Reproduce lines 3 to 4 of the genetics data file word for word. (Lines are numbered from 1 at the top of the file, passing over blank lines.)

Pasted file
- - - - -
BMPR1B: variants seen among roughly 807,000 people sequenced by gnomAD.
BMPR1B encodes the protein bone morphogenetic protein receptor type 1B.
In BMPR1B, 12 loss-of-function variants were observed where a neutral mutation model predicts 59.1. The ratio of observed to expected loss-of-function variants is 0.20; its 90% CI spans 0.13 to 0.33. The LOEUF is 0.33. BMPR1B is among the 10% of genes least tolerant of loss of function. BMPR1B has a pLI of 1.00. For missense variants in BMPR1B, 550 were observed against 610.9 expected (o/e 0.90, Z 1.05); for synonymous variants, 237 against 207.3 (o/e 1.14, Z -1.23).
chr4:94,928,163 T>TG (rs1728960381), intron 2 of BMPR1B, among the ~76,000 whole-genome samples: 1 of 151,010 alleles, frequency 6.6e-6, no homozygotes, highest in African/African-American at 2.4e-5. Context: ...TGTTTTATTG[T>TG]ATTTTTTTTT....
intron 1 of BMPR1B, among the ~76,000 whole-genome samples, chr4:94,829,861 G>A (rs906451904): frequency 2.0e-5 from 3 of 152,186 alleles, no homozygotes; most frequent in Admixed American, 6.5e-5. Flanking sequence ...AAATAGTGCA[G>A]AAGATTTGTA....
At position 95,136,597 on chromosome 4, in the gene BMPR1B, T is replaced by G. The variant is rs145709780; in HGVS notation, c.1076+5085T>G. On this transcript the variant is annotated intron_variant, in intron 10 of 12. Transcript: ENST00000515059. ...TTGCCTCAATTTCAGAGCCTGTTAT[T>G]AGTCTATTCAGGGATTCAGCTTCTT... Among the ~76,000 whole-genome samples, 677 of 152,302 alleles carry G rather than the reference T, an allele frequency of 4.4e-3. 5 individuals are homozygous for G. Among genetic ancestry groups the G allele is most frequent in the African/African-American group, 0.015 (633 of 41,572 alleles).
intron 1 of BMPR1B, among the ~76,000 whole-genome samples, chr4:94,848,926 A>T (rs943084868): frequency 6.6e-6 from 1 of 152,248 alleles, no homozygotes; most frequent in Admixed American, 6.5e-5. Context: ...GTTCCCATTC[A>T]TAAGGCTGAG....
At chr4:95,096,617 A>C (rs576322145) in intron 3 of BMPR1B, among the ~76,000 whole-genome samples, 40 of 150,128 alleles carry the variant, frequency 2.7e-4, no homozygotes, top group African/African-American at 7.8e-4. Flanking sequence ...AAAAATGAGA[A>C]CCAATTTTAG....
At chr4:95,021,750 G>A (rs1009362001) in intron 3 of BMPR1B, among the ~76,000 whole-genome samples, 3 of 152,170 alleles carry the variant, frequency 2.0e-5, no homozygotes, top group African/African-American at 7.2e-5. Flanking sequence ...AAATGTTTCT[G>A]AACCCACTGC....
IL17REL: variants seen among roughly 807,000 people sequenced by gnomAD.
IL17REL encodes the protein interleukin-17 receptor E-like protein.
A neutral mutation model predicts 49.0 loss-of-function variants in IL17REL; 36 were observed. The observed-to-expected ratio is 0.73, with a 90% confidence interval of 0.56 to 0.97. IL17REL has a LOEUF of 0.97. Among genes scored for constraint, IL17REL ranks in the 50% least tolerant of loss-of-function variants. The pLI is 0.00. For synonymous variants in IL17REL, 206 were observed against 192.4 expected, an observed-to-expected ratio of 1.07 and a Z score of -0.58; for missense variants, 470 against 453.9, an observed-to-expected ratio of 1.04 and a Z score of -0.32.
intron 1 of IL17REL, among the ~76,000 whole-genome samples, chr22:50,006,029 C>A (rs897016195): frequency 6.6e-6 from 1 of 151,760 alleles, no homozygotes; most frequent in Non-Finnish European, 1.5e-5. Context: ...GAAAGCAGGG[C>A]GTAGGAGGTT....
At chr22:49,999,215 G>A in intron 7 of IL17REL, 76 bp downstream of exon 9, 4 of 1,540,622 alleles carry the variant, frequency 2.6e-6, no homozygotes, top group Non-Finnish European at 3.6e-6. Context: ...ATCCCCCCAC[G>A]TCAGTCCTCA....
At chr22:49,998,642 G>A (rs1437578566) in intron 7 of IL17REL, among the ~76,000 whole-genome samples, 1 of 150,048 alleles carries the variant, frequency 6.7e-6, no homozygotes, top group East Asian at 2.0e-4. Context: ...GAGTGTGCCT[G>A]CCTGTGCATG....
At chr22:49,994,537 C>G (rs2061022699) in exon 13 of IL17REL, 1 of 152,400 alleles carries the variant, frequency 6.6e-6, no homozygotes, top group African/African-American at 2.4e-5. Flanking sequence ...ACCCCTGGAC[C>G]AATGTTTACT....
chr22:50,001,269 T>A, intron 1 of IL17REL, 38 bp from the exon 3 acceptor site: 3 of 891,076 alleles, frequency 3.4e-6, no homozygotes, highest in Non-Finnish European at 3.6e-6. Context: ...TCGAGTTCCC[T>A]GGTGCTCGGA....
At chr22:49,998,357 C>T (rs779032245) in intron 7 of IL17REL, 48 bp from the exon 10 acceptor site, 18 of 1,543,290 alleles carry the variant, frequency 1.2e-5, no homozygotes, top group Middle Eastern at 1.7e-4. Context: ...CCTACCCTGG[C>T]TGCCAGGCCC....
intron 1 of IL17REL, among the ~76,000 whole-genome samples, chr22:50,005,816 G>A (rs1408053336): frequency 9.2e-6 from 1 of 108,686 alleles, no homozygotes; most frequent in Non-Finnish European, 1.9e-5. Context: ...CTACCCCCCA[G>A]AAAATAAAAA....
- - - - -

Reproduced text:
In BMPR1B, 12 loss-of-function variants were observed where a neutral mutation model predicts 59.1. The ratio of observed to expected loss-of-function variants is 0.20; its 90% CI spans 0.13 to 0.33. The LOEUF is 0.33. BMPR1B is among the 10% of genes least tolerant of loss of function. BMPR1B has a pLI of 1.00. For missense variants in BMPR1B, 550 were observed against 610.9 expected (o/e 0.90, Z 1.05); for synonymous variants, 237 against 207.3 (o/e 1.14, Z -1.23).
chr4:94,928,163 T>TG (rs1728960381), intron 2 of BMPR1B, among the ~76,000 whole-genome samples: 1 of 151,010 alleles, frequency 6.6e-6, no homozygotes, highest in African/African-American at 2.4e-5. Context: ...TGTTTTATTG[T>TG]ATTTTTTTTT....